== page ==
With Sri Lanka on the agenda UNHRC opens its 37th session

With Sri Lanka on the agenda the UN Human Rights Council (UNHRC) opened its 37th session in Geneva today.

A briefing on Sri Lanka at the session by the Office of the UN High Commissioner for Human Rights (OHCHR) has been set for March 21.

Speaking on the opening day of the session today, the UN High Commissioner for Human Rights Zeid Ra’ad Al Hussein said that time and again, he and his office brought to the attention of the international community violations of human rights which should have served as a trigger for preventive action.

“Time and again, there has been minimal action. And given this is my last address as High Commissioner at the opening of a March session, I wish to be blunt. Second to those who are criminally responsible – those who kill and those who maim – the responsibility for the continuation of so much pain lies with the five permanent members of the UN Security Council.  So long as the veto is used by them to block any unity of action, when it is needed the most, when it could reduce the extreme suffering of innocent people, then it is they – the permanent members – who must answer before the victims,” he said.

Zeid Ra’ad Al Hussein said that France has shown commendable leadership among the P5 in championing a code of conduct on the use of veto; the United Kingdom has also joined the initiative, now backed by over 115 countries.

He said that it is time, for the love of mercy, that China, Russia and the United States, join them and end the pernicious use of the veto.

“How can it be so hard to grasp that to understand states and societies – their health and ills; why they survive; why they collapse – we must scrutinize at the level of the individual: individual human beings and their rights. After all, the first tear in the fabric of peace often begins with a separation of the first few fibres, the serious violations of the rights of individuals – the denial of economic and social rights, civil and political rights, and most of all, in a persistent denial of freedom,” he said.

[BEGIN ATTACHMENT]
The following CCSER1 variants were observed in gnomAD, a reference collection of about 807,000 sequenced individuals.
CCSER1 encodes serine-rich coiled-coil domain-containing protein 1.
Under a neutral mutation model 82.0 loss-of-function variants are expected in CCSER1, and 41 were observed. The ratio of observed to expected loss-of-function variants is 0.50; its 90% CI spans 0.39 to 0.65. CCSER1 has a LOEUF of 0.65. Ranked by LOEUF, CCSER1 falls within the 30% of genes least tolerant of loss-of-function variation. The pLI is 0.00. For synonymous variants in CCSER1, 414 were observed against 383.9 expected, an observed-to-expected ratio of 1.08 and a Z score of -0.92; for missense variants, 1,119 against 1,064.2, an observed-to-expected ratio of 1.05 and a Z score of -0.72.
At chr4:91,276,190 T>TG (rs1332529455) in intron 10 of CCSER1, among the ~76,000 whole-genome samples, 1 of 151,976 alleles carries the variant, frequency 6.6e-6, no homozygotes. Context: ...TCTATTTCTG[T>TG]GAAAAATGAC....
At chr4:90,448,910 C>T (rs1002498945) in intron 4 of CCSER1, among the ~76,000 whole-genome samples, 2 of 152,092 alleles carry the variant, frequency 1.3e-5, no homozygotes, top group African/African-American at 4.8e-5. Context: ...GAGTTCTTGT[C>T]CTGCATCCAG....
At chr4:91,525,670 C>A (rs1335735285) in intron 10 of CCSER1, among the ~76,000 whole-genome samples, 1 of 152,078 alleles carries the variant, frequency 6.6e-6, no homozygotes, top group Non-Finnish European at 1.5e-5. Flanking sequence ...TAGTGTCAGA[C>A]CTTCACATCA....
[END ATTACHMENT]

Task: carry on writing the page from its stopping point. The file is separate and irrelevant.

The High Commissioner also said that some states view human rights as of secondary value – far less significant than focusing on GDP growth or geopolitics.

“While it is one of the three pillars of the UN, it is simply not treated as the equal of the other two. The size of the budget is telling enough, and the importance accorded to it often seems to be in the form of lip service only.  Many in New York view it condescendingly as that weak, emotional, Geneva-centred, pillar — not serious enough for some of the hardcore realists in the UN Security Council,” he said.

“When an elected leader blames the Jews for having perpetrated the Holocaust, as was recently done in Poland, and we give this disgraceful calumny so little attention, the question must be asked: have we all gone completely mad? Perhaps we have gone mad, when families grieve in too many parts of the world for those lost to brutal terrorism, while others suffer because their loved ones are arrested arbitrarily, tortured or killed at a black site, and were called terrorists for simply having criticized the government; and others await execution for crimes committed when they were children,” he said.

The High Commissioner noted that artificial intelligence will never fully replicate the moral courage, the self-sacrifice and, above all, the love for all human beings that sets human rights defenders apart from everyone else. (Colombo Gazette)

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